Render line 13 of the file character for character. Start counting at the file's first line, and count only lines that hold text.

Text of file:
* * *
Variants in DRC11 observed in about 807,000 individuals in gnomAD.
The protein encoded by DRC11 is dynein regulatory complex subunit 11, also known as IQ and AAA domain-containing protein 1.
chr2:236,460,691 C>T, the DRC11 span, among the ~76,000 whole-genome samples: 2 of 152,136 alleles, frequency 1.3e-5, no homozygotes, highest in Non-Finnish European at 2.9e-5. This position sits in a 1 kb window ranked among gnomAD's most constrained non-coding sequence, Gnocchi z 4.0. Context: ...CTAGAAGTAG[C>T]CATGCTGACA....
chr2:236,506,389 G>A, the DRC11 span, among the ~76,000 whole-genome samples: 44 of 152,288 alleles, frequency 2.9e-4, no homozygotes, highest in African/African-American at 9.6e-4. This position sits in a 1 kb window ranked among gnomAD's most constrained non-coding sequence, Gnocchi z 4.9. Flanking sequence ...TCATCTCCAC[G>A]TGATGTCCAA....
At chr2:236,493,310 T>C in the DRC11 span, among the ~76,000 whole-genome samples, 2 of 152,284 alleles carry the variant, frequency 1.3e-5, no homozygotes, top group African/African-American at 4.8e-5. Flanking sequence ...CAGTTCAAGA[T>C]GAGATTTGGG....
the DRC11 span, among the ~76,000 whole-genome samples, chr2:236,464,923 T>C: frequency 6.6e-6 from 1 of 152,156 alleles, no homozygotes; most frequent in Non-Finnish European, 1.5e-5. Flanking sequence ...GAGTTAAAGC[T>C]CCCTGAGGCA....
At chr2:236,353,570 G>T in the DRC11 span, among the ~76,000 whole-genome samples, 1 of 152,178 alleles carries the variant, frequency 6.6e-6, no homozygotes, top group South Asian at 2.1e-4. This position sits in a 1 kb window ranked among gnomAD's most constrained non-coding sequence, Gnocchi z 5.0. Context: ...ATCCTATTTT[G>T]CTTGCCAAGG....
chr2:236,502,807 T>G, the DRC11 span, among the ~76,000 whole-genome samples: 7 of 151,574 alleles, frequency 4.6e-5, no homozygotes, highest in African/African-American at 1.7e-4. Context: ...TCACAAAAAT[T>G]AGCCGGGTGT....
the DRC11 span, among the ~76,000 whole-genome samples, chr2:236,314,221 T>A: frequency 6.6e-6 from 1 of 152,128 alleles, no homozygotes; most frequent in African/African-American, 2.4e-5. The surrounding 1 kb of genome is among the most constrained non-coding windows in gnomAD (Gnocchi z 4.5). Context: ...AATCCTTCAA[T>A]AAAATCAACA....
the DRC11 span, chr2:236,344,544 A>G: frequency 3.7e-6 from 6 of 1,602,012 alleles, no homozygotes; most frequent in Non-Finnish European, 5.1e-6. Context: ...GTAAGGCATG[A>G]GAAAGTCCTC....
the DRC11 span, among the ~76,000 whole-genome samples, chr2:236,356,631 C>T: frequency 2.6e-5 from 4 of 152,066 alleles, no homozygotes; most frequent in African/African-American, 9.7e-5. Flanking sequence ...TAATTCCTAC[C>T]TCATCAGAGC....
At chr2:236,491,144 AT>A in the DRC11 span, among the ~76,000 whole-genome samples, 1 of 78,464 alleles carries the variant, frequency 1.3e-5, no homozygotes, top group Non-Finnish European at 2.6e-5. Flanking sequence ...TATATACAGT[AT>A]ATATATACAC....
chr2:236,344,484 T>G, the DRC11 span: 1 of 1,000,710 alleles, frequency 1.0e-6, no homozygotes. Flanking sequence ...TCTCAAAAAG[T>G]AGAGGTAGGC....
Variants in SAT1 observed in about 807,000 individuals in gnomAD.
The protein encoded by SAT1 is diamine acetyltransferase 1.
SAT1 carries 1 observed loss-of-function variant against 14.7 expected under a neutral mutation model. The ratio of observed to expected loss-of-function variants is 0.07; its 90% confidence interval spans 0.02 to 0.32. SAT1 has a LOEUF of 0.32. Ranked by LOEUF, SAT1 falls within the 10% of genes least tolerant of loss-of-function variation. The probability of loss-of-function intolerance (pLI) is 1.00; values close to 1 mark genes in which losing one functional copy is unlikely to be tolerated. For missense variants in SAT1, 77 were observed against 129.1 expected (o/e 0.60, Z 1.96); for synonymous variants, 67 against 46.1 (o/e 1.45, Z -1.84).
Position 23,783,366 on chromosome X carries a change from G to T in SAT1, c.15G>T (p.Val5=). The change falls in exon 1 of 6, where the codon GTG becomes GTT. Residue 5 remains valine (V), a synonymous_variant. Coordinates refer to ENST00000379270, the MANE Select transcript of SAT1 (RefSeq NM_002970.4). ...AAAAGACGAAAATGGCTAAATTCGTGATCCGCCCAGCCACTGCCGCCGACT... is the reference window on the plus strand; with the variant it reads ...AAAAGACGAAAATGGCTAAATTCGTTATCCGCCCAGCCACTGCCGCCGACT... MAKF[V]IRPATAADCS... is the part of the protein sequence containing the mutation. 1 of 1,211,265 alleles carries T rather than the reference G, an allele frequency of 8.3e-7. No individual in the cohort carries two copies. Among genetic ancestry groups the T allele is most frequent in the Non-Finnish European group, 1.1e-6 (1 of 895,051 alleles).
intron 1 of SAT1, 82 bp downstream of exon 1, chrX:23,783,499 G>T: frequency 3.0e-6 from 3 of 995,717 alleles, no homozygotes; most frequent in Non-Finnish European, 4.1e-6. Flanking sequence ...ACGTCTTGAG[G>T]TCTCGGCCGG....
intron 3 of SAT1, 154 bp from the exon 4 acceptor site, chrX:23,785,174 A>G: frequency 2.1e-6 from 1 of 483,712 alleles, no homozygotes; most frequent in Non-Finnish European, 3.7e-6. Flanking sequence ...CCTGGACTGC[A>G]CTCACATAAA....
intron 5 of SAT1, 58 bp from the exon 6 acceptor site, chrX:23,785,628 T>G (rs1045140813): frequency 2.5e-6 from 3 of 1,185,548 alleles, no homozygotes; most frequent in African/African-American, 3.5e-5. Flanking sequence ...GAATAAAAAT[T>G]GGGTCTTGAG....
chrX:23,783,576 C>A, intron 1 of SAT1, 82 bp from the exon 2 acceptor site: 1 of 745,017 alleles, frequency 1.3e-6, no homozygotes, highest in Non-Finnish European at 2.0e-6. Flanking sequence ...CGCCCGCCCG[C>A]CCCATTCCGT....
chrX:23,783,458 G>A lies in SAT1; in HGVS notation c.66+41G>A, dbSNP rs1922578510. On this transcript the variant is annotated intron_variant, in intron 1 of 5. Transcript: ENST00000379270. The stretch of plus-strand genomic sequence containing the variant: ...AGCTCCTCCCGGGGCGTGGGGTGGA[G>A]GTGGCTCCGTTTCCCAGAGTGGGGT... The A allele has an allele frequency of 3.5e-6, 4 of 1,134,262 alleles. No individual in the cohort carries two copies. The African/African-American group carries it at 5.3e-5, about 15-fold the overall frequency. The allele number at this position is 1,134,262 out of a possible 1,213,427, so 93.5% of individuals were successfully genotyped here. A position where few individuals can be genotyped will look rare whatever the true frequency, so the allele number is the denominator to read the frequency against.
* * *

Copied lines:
chr2:236,344,484 T>G, the DRC11 span: 1 of 1,000,710 alleles, frequency 1.0e-6, no homozygotes. Flanking sequence ...TCTCAAAAAG[T>G]AGAGGTAGGC....